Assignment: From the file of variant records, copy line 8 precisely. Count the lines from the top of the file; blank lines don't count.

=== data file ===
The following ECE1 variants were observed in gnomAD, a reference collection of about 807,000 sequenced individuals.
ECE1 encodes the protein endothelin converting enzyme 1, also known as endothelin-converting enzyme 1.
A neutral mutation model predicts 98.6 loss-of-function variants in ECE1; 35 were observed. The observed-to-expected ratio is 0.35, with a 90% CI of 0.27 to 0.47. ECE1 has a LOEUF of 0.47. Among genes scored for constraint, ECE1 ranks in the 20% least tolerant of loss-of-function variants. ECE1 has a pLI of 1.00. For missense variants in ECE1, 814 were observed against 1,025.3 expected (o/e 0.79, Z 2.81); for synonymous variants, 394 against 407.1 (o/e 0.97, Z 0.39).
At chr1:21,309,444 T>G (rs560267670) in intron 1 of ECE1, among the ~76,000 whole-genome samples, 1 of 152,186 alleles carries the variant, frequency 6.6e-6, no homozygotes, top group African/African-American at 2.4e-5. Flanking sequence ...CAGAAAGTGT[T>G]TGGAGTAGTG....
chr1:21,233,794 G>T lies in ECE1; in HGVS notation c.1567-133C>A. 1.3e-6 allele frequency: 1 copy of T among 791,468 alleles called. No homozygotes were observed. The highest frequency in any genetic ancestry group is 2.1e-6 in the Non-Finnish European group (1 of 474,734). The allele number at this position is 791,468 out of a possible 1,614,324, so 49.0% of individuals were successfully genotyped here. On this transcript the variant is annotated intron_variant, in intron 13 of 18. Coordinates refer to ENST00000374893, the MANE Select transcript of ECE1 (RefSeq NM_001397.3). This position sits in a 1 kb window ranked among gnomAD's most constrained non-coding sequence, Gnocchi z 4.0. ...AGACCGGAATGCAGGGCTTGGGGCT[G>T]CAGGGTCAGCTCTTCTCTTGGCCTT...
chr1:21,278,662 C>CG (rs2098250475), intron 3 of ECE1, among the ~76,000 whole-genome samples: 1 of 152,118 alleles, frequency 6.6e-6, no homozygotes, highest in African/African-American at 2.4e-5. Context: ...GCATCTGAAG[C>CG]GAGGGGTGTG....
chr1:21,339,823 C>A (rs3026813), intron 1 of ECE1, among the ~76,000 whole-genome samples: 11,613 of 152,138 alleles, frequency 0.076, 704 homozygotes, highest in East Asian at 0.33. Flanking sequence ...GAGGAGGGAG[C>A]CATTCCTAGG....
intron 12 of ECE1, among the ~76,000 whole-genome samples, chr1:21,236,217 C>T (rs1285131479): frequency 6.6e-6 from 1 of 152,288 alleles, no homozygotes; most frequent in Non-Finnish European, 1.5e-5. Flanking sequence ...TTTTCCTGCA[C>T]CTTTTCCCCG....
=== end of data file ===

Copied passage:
intron 12 of ECE1, among the ~76,000 whole-genome samples, chr1:21,236,217 C>T (rs1285131479): frequency 6.6e-6 from 1 of 152,288 alleles, no homozygotes; most frequent in Non-Finnish European, 1.5e-5. Flanking sequence ...TTTTCCTGCA[C>T]CTTTTCCCCG....